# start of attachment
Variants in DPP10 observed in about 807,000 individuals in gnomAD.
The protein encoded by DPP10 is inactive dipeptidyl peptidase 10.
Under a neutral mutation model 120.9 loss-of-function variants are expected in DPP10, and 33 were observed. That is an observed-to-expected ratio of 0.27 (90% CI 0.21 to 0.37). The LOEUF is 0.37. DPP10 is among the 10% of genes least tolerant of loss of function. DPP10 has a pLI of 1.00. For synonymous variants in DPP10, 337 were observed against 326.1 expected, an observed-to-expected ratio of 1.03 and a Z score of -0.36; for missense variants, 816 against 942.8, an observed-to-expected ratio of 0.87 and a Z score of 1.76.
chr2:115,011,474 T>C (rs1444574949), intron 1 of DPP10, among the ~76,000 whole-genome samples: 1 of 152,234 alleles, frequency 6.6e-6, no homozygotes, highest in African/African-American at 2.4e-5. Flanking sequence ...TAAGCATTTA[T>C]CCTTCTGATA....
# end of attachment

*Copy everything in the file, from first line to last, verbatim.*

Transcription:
Variants in DPP10 observed in about 807,000 individuals in gnomAD.
The protein encoded by DPP10 is inactive dipeptidyl peptidase 10.
Under a neutral mutation model 120.9 loss-of-function variants are expected in DPP10, and 33 were observed. That is an observed-to-expected ratio of 0.27 (90% CI 0.21 to 0.37). The LOEUF is 0.37. DPP10 is among the 10% of genes least tolerant of loss of function. DPP10 has a pLI of 1.00. For synonymous variants in DPP10, 337 were observed against 326.1 expected, an observed-to-expected ratio of 1.03 and a Z score of -0.36; for missense variants, 816 against 942.8, an observed-to-expected ratio of 0.87 and a Z score of 1.76.
chr2:115,011,474 T>C (rs1444574949), intron 1 of DPP10, among the ~76,000 whole-genome samples: 1 of 152,234 alleles, frequency 6.6e-6, no homozygotes, highest in African/African-American at 2.4e-5. Flanking sequence ...TAAGCATTTA[T>C]CCTTCTGATA....